• thesopblog

How to Make Yourself a Priority

Updated: May 26

You have 6 hours of homework to do, but Bailey’s birthday lunch is today. 


You haven’t slept in days, but Grace asked you to take her shift tonight. 


You just want to lay in bed and watch the last season of Friends, but you have a sorority event at 8. 


Why do we ignore our needs to please others? Why do we go out of the way for people who wouldn’t do the same? Why are they more important? 


I can’t count the number of times that I’ve replaced my own wants/needs for someone else’s. I loved being the friend that anyone could count on, I took pride in it. But it was frickin exhausting. I constantly missed out on the things that I genuinely wanted to do, I barely slept, I didn’t get things done when I wanted to do them, the list goes on. The funny thing is, that’s not even why I stopped. 


I stopped trying so hard to please people because I realized 5 things. 

  • No matter how much I gave people, it wasn’t enough. 

  • People usually didn’t realize the sacrifices I made for them, or they just weren’t thankful.

  • They never reciprocated the energy I gave them. 

  • People started to expect things of me, and got upset when I couldn’t comply.

  •  I realized that their needs aren’t more important than mine.

So, how do you make yourself the priority? 


Create non-negotiable rules: If you do something for someone, you should be able to do it without inconveniencing yourself. Make sure to establish your ground rules before agreeing to help. – I’m happy to give you a ride to campus as long as you can be ready by the time I’m leaving. 


Learn how to say no: It’s okay to say no. It’s even okay to let people be upset with you for a moment. (That took me forever to understand.) Just be firm and respectful. – Thanks for the offer, but honestly, I haven’t been lazy in forever and I just want to chill and watch Netflix today.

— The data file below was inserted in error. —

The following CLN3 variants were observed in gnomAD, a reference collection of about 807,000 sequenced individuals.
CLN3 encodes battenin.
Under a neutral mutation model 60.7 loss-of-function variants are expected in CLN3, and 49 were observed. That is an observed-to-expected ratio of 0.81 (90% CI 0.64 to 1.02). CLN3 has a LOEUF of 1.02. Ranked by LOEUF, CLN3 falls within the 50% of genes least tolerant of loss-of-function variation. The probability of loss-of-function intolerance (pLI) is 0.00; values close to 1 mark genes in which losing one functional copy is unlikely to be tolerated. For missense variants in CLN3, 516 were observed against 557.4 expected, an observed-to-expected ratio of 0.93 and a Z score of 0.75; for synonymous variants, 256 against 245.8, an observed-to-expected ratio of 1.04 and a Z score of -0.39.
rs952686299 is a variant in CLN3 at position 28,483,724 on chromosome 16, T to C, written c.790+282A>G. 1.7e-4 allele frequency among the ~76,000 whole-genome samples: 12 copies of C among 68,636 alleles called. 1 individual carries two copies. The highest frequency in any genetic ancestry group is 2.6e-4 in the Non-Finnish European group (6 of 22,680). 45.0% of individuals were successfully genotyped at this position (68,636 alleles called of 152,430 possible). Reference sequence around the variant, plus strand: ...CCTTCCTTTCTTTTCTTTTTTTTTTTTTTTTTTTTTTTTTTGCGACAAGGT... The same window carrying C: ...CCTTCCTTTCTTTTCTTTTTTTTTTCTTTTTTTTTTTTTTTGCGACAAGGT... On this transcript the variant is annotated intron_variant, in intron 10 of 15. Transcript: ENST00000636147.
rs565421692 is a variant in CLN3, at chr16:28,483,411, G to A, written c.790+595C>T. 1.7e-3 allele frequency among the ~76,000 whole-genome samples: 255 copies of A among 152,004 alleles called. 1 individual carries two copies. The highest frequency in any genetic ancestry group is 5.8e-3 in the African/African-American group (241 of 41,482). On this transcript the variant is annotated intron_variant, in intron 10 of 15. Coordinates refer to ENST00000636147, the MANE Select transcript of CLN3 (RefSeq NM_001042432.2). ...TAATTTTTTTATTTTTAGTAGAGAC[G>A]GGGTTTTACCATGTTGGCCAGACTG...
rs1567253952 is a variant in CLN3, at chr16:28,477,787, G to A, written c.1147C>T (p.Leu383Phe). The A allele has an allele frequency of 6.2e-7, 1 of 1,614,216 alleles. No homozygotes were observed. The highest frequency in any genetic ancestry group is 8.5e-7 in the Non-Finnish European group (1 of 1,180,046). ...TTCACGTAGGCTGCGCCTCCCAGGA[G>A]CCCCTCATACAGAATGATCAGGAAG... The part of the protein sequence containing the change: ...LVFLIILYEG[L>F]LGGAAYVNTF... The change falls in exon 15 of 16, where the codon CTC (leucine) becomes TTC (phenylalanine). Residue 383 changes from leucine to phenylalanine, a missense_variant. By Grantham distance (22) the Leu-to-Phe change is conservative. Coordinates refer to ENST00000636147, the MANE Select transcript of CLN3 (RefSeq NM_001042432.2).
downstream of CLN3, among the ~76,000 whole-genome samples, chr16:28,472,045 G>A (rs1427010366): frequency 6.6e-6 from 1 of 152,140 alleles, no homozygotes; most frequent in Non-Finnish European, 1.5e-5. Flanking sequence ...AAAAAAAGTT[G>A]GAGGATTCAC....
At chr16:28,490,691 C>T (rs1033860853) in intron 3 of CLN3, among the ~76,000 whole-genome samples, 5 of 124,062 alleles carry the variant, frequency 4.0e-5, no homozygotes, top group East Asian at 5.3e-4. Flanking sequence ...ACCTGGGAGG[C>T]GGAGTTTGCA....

Realize when it’s time to take a time out: It’s normal to get tired. Physically tired, tired of someone else, tired of doing something, etc. Learn when you’re reaching your limits and take a time out before it’s too much. – I’m kinda run down from going out every weekend, I’ll catch up next Friday. 


Don’t be afraid to ask for help: If you have a million things to do and you’ve made a few too many commitments, it’s okay to ask someone to help out. Everyone needs help every once in a while. – Hey Claire, I’ve got a paper due at midnight on Monday and would really like some more time to work on it. Would you mind taking my shift at 6 tomorrow?


Don’t let people manipulate you into things: This is the hardest task of them all. Don’t let people tell you that you should do something because they’d do it for you, or that you’re a bad friend if you don’t, or that you aren’t worth their time if you can’t.

 

Schedule each day around your wants/needs: What are your top 3 priorities everyday? Are they the same or different each day? Block out a certain amount of time each day for each purpose. This could be 5 minutes, an hour, whatever you want it to be. – I want to go to church more, so I’m going to start blocking off Sunday mornings to go. 


Self reflect: If you feel like there isn’t enough time in the day, you’re too good of a friend, you miss out on things you want to do, or you just aren’t happy for some reason – you’re probably not putting yourself first or prioritizing. Find what makes you happy and make the time to do it. Going to the gym makes me feel good, so I wake up at 7 every morning to make the time before work/school. 


Remember that you deserve to be your top priority. Know the difference between helping someone and being their servant. Don’t be afraid to have the hard conversations that will allow you to do what’s best for you.